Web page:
Three Novels That Promote Mental Health Awareness

Sometimes the best way to deal with mental health issues and the awareness of them IRL is, first, through characters of fiction.

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TW: This article contains details of suicide and struggles with other mental illnesses such as OCD and depression.

The green ribbon, which is widely overlooked by many people, signifies raising awareness for mental health. With 1 out of 5 young people suffering from mental illness, one would consider mental illness as an issue that must be addressed. However, many people are unaware of the effects that come with the lack of a healthy mental state. 

Books are magic portals that introduce one to different struggles of the world. This is a list of the top 3 books with the intention of fostering mental health awareness and bring us a little bit closer to empathy. 

Turtles All The Way Down by John Green

The book opens by introducing sixteen-year-old Aza and her best friend, who are determined to solve the mystery behind the disappearance of Aza’s childhood friend’s father, billionaire, Russell Pickett. However, this book’s more compelling mystery is the constant tumult raging inside Aza’s brain. Aza suffers from obsessive-compulsive disorder (OCD), which forces her to feel more disconnected from the world than others. John Green intended to show the two narratives in a person’s brain as she suffers from OCD.

Aza constantly struggles distinguishing her own thoughts and the compulsive unwanted sensations that take over her thoughts. To describe the struggle of OCD, Aza explains, “the thing about a spiral is, if you follow it inward, it never actually ends. It just keeps tightening, infinitely.” Turtles All The Way Down helps readers understand how the mind works when the brain has its own mind.  The book carries the reader inside of Aza’s debilitating thoughts and urges them to feel and understand the anxiety and incapacity that she wanders through each instant and every day.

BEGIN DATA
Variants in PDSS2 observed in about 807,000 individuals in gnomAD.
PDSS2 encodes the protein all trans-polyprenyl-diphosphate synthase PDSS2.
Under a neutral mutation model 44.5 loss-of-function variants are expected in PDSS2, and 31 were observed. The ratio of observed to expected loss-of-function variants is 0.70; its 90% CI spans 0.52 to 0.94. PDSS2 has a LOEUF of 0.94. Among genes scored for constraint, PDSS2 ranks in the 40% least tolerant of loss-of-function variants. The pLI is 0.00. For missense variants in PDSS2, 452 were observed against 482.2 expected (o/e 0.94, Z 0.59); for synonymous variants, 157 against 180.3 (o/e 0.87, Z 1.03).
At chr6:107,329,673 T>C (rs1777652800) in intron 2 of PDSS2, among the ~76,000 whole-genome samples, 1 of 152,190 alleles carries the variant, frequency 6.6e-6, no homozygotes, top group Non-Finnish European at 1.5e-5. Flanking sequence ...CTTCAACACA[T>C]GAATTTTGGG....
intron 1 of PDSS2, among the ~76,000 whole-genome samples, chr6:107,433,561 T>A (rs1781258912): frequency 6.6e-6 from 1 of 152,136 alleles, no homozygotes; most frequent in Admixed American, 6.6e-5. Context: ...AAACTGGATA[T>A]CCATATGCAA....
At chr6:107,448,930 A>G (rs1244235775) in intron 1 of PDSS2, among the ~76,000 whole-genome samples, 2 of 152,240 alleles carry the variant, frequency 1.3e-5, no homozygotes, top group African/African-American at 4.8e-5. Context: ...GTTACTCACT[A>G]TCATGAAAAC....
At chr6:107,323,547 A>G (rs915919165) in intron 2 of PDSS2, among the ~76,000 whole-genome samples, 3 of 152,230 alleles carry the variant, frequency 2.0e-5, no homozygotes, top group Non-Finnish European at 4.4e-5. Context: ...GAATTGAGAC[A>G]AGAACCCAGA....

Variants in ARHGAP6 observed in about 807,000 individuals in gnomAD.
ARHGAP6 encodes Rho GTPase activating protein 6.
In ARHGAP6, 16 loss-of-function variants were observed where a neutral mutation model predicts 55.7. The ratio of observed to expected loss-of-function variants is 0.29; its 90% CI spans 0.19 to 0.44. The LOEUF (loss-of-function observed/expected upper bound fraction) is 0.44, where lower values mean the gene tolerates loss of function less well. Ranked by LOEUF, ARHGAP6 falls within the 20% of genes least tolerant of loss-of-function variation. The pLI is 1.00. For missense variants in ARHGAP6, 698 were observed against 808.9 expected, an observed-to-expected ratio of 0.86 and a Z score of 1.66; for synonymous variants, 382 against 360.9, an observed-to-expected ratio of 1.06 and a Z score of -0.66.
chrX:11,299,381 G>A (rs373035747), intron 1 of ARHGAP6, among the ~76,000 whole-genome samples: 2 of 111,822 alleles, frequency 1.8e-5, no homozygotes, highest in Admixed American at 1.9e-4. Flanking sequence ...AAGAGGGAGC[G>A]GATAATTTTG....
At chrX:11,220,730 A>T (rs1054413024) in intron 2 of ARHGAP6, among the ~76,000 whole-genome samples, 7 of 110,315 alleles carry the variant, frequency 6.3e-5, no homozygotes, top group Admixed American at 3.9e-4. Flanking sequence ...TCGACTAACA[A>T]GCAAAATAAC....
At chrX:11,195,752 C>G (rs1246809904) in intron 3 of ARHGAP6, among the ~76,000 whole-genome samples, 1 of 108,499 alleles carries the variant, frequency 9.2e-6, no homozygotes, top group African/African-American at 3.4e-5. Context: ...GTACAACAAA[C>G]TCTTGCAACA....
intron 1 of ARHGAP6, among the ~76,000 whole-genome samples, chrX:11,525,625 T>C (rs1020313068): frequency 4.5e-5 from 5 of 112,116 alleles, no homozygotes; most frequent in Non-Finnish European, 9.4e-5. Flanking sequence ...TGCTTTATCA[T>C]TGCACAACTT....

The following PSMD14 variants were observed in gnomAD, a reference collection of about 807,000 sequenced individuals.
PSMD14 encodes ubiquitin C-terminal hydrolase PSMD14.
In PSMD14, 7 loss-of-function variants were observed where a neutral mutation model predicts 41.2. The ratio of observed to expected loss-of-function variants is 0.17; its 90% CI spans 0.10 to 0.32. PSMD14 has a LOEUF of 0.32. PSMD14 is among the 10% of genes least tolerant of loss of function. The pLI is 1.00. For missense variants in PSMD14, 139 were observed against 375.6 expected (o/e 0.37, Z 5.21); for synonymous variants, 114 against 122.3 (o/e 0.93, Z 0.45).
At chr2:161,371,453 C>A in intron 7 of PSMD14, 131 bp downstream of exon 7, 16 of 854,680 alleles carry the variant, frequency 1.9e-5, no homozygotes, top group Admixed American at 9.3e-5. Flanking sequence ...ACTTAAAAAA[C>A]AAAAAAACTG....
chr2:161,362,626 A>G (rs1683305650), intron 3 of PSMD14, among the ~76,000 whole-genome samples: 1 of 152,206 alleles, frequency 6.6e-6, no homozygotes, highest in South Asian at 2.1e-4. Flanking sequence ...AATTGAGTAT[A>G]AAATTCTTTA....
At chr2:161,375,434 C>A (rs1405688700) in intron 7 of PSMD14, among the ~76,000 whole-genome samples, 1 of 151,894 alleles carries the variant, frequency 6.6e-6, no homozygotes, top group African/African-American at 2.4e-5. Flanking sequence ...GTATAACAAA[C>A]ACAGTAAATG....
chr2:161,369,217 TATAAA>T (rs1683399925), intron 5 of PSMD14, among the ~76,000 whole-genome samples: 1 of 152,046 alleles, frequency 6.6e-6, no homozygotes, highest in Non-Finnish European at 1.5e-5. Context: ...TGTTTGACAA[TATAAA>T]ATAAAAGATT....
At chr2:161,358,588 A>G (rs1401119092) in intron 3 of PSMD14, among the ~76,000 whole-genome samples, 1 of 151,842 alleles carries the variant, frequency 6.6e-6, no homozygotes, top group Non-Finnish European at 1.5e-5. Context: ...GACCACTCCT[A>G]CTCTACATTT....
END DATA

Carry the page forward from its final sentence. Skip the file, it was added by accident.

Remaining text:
My Heart and Other Black Holes by Jasmine Warga

My Heart and Other Black Holes follows the classic trope of boy-meets-girl, however, this book is not a love story. Sixteen-year-old Aysel is obsessed with plotting her own death. With a mother who can barely look at her without cringing, classmates who whisper behind her back, and a father who has a criminal background, Aysel is ready to turn her potential spirit into insignificance. However, she endeavors the courage to do it alone, and as she constantly questions whether or not she wants to go through with suicide.

She discovers a website called “Suicide Partners,” where she meets Roman, a teenage boy who’s haunted by a family tragedy, and is also in search of a partner. As Roman and Aysel grow closer to each other, the suicide pact becomes more concrete. Aysel begins to question whether she really wants to go through with it. Eventually, she must pick between wanting to die or attempting to influence Roman to live and explore the potential of their energy together.

The book is intended to raise awareness for suicide. It tends to give readers reasoning for why to live as it states “one spark can change everything,” which signifies the main plot of the story.

First, We Make the Beast Beautiful by Sarah Wilson

The book’s main plot, as Sarah Wilson states, is around this Chinese proverb that before you can conquer a beast, you must make it beautiful first. The Beast in this memoir is anxiety. At first, Wilson addresses her intense focus on investigating skills upon her lifelong enemy, anxiety. In her memoir, she lists the triggers, treatments, and strains of anxiety.

She reads extensively and surveys fellow sufferers, mental health specialists, and scholars processing all she learns through the prism of her own wisdom. Wilson offers readers comfort, humor, connection, and advice for surviving with the Beast. It will strengthen the endless souls who dance with this condition to embrace it as a part of who they are, and investigate its potentialities for a more flourishing and fuller life.